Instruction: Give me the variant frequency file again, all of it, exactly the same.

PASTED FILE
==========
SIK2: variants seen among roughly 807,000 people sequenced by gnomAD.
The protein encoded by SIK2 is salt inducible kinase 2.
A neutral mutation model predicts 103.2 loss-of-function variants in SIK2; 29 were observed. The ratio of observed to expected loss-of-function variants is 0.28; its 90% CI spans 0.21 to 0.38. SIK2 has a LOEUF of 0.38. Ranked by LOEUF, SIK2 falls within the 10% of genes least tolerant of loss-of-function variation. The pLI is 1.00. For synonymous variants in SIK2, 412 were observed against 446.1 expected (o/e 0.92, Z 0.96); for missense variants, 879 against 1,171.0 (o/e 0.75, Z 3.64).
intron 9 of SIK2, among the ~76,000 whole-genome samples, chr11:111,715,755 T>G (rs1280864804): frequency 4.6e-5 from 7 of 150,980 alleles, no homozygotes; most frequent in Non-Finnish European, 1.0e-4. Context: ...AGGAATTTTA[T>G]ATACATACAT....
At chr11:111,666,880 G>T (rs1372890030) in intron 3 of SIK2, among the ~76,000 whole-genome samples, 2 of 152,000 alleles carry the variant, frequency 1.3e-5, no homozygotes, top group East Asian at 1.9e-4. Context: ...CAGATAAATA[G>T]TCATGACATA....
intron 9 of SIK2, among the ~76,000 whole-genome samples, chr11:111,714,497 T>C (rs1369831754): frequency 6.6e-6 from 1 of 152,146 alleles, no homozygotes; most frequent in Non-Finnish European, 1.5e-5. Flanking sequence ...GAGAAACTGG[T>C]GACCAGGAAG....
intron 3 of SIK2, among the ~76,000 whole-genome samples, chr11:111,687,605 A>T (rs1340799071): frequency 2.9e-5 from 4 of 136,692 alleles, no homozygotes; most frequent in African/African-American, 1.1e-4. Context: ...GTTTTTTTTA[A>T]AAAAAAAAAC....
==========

SIK2: variants seen among roughly 807,000 people sequenced by gnomAD.
The protein encoded by SIK2 is salt inducible kinase 2.
A neutral mutation model predicts 103.2 loss-of-function variants in SIK2; 29 were observed. The ratio of observed to expected loss-of-function variants is 0.28; its 90% CI spans 0.21 to 0.38. SIK2 has a LOEUF of 0.38. Ranked by LOEUF, SIK2 falls within the 10% of genes least tolerant of loss-of-function variation. The pLI is 1.00. For synonymous variants in SIK2, 412 were observed against 446.1 expected (o/e 0.92, Z 0.96); for missense variants, 879 against 1,171.0 (o/e 0.75, Z 3.64).
intron 9 of SIK2, among the ~76,000 whole-genome samples, chr11:111,715,755 T>G (rs1280864804): frequency 4.6e-5 from 7 of 150,980 alleles, no homozygotes; most frequent in Non-Finnish European, 1.0e-4. Context: ...AGGAATTTTA[T>G]ATACATACAT....
At chr11:111,666,880 G>T (rs1372890030) in intron 3 of SIK2, among the ~76,000 whole-genome samples, 2 of 152,000 alleles carry the variant, frequency 1.3e-5, no homozygotes, top group East Asian at 1.9e-4. Context: ...CAGATAAATA[G>T]TCATGACATA....
intron 9 of SIK2, among the ~76,000 whole-genome samples, chr11:111,714,497 T>C (rs1369831754): frequency 6.6e-6 from 1 of 152,146 alleles, no homozygotes; most frequent in Non-Finnish European, 1.5e-5. Flanking sequence ...GAGAAACTGG[T>C]GACCAGGAAG....
intron 3 of SIK2, among the ~76,000 whole-genome samples, chr11:111,687,605 A>T (rs1340799071): frequency 2.9e-5 from 4 of 136,692 alleles, no homozygotes; most frequent in African/African-American, 1.1e-4. Context: ...GTTTTTTTTA[A>T]AAAAAAAAAC....